Still so unbelievable

Hi, I am typing this quick message because it always helps to share. I lost my Mum in February this year and as we all know there are good days, sometimes weeks and there are bad days and weeks. I’ve been having a good week until right now when someone just asked me ‘how is your Mum’. Hearing myself say ‘she died’ has broken me. I’m sat in the loo at work having a tear. I will be fine in a bit and writing it down always helps.

What you have described is typical of how we have all felt in grief. You are so right. Getting things down in writing and sharing is good, and is therapeutic. It’s why counselling is useful. Opening up to strangers is never easy, and professional help is best.
Bottling up is a big no no, in my opinion. Things happen that remind us of the loss and shedding a tear is no problem and can help relieve tension. You may find, as I do, that something will ‘trigger’ an emotion. It can be something we see, hear or smell, even that can do it.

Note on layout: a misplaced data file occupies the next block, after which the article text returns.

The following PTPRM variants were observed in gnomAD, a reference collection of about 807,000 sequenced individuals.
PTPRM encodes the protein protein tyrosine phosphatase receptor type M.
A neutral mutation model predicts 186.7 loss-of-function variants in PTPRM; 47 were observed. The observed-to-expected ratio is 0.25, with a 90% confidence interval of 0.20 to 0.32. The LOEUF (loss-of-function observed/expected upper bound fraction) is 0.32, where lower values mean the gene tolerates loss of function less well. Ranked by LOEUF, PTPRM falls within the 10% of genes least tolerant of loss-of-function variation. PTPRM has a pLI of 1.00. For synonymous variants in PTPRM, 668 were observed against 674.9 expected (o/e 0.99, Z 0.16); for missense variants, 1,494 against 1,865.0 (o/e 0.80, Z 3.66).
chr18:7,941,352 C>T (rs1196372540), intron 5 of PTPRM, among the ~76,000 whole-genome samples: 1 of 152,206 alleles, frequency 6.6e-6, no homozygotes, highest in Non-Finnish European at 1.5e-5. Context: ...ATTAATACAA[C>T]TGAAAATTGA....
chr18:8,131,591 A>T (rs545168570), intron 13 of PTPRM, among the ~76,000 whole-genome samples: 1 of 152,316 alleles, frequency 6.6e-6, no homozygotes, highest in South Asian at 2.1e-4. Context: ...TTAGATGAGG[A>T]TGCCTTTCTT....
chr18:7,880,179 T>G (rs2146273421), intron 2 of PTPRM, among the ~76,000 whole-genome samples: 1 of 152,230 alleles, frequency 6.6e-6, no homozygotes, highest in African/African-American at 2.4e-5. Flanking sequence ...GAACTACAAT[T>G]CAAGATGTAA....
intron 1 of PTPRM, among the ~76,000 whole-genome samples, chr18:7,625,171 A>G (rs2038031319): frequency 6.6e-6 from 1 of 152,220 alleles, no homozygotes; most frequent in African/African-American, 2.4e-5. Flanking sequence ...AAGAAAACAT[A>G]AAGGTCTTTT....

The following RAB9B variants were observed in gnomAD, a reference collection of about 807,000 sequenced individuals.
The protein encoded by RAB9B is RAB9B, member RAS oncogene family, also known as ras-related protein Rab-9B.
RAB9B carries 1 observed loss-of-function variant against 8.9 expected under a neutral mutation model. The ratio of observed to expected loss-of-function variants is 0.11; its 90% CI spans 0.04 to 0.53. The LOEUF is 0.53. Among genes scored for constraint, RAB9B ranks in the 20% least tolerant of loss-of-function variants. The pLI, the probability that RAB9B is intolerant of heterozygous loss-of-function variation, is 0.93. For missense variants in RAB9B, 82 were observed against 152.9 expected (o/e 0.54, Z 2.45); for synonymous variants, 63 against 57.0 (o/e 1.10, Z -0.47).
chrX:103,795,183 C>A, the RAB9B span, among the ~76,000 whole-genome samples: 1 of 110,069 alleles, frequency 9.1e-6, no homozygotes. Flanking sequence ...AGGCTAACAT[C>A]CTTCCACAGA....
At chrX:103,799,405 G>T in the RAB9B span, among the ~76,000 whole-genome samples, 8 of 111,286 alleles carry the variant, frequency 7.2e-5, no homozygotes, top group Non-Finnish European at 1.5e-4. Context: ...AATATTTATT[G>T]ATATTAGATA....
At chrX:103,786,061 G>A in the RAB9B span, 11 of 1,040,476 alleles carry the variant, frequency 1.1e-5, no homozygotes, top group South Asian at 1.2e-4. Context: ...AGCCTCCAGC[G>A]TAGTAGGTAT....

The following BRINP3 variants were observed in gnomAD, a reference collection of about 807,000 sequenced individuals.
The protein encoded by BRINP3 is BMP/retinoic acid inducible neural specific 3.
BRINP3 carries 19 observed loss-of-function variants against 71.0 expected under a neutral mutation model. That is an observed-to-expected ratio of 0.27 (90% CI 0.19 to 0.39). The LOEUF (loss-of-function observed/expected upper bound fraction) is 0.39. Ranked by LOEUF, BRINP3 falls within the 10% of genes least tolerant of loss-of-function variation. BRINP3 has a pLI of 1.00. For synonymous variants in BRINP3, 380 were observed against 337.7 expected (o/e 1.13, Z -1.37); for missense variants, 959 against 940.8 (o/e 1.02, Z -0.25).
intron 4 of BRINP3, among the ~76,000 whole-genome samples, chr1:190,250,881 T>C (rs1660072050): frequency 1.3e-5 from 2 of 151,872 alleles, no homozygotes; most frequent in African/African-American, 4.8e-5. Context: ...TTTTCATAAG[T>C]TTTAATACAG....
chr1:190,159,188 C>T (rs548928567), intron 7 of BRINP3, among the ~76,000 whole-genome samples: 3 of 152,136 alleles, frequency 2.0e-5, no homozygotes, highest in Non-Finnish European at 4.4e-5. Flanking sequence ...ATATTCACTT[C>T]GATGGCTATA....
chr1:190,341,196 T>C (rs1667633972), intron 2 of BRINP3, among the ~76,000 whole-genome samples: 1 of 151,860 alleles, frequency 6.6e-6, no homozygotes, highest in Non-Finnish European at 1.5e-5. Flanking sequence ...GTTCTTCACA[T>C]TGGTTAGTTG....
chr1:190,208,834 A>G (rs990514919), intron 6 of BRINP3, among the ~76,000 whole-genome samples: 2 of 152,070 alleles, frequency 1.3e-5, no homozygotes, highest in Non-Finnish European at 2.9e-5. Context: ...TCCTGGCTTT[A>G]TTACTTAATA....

Feelings are raw, wide open. It’s why so many well meaning people can upset us if they don’t understand. A look, a word, or body language can all play a part in triggering an emotional response.
Hearing yourself say those words and being upset is normal in bereavement. This is a normal process of grief that needs to be accepted as our way of expressing our emotions.
Yes, you will be fine as your emotions become less severe, because sharing is so important. This site provides such a service. Try not to be too down in the down days. I said try because I am aware how difficult that is, but unless we make an effort we get caught up in permanent grief. We will never ever forget, of course not, and there is no time limit on this pain. But I know my wife would not want me permanently miserable or upset.
I do hope you find this site helpful. There are as many ways to grieve as there are people.
Take care, and hope to see you again. Blessings.

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